Cyberbullying: A Growing Online Safety Problem for Today’s Children, Tweens and Teens!
The Devastating Impact of Cyberbullying
Computer and mobile technology helps us stay connected with one another and to communicate with friends and family – all positives. Unfortunately, technology has also expanded bullying–once confined to the playground–to the online world.
What is Cyberbullying?
Cyberbullying is the use of computer devices to spread rumors, post humiliating, embarrassing photo-shopped photos. send mean spirited messages, and make threats toward their victims – often anonymously. Cyberbullying can begin as soon as children start using the internet for social networking.
Consider these Stats:
- > than 40% of kids have experienced some sort of cyberbullying.
- 29% of young people have had rumors spread about them online or via text.
- 17% of young people have been threatened or manipulated online or via text.
Cyberbullies are Creative
Cyberbullies employ many creative ways to bully their victims, most commonly by forwarding a message that the victim thought was private, by spreading false or vicious rumors or lies, sending an embarrassing, photo-shopped pictured for everyone to see, creating false social networking profiles, or posting a horrifically mean or threatening comments on Facebook. Passwords may be stolen and kids locked out of their own accounts. Creativity seems to be limitless when it comes to cyberbullying. Sadly, the outcome of cyberbullying can be devastating, long-lasting and even deadly. Kids have committed suicide because of cyberbullying. Horrifically, cyberbullying sometimes continues even after a suicide, as it did recently with 12 year old Rebecca Sedwick.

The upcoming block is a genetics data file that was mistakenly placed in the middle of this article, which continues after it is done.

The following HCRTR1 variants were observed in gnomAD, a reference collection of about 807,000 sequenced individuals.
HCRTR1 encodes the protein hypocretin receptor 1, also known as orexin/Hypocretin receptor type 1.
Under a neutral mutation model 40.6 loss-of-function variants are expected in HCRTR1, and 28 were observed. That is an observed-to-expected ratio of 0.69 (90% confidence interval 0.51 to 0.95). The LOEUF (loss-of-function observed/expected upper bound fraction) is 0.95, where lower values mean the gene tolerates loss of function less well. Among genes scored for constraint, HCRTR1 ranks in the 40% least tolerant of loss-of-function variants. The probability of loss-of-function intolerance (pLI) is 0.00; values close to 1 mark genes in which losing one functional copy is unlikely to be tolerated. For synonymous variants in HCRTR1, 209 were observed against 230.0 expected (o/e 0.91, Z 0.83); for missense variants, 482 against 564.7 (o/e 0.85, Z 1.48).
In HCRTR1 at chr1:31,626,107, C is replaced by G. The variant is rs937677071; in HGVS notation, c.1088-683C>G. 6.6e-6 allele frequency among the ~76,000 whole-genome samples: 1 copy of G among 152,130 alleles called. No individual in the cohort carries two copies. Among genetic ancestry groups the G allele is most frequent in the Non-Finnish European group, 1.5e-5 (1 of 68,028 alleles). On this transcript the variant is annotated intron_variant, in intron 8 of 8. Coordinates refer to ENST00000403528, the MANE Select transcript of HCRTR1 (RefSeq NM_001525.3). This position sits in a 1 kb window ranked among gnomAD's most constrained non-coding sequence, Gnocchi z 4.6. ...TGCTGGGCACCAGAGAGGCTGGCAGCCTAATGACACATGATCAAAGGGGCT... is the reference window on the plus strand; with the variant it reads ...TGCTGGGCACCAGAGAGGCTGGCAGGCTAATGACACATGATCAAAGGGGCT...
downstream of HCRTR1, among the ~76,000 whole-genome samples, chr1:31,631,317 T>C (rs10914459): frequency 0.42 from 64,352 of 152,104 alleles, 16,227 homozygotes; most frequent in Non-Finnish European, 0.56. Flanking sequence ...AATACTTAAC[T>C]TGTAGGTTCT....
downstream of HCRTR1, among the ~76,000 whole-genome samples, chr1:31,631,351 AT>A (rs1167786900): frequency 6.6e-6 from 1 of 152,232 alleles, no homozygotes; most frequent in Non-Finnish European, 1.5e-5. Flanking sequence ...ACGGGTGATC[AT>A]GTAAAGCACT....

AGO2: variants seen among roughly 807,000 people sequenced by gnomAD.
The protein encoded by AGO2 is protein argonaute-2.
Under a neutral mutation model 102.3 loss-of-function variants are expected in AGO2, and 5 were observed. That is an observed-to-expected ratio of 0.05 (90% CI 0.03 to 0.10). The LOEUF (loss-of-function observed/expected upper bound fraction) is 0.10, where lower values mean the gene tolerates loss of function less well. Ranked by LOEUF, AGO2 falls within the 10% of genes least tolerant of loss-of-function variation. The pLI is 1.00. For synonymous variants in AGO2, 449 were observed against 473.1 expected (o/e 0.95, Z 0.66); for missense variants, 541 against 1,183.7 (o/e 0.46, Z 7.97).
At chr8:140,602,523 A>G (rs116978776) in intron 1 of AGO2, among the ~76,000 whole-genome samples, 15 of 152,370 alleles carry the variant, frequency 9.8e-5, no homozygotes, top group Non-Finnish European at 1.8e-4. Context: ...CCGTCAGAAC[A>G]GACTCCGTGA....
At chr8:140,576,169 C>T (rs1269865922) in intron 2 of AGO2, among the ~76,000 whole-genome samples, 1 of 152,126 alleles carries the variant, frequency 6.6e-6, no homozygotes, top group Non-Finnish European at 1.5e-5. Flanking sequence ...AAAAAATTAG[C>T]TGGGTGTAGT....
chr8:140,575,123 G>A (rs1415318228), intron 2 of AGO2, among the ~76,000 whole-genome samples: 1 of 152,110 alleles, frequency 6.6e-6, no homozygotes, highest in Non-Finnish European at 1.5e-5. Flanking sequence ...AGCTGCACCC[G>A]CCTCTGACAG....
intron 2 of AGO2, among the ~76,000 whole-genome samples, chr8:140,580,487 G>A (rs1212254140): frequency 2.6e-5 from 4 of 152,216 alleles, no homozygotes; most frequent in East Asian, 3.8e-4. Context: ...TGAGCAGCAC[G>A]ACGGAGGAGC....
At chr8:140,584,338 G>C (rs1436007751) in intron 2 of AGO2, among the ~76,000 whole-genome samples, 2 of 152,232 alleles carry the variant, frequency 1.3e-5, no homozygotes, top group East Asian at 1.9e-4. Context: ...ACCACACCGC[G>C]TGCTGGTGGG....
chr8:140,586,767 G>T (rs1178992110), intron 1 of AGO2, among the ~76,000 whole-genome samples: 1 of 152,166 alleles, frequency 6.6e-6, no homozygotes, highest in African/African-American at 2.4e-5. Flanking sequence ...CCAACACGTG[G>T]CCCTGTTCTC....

How is cyberbullying Different from Playground Bullying?
- It’s anonymous and unwitnessed
- There is no escape; the online world is open for viewing 24/7
- Cyberbullies are disinhibited which means lacking inhibition in cyberspace
- Cruelty can be easily replicated
- There is a “piling on” effect or joining in of others in cyberbullying
- Victim can’t defend him or herself
- Cyberbullying is often unreported
The cyberbully hides behind a computer screen to attack their victim. It’s often anonymous. Sites like Formspring, 4chan and others are havens for cyberbullies where it’s hard to track the cyberbully down and put a face and name to their horrific acts. The victim doesn’t know who is perpetrating the online attack, and can’t defend him/herself. Cyberbullying can be 24/7:The incident of bullying on the playground remained on the playground, but now, with the ubiquitous nature of computer technology, kids are online 24/7. School day relationships are no longer 9am-3p.m, they extend into each child’s home long into the night. There is no escape.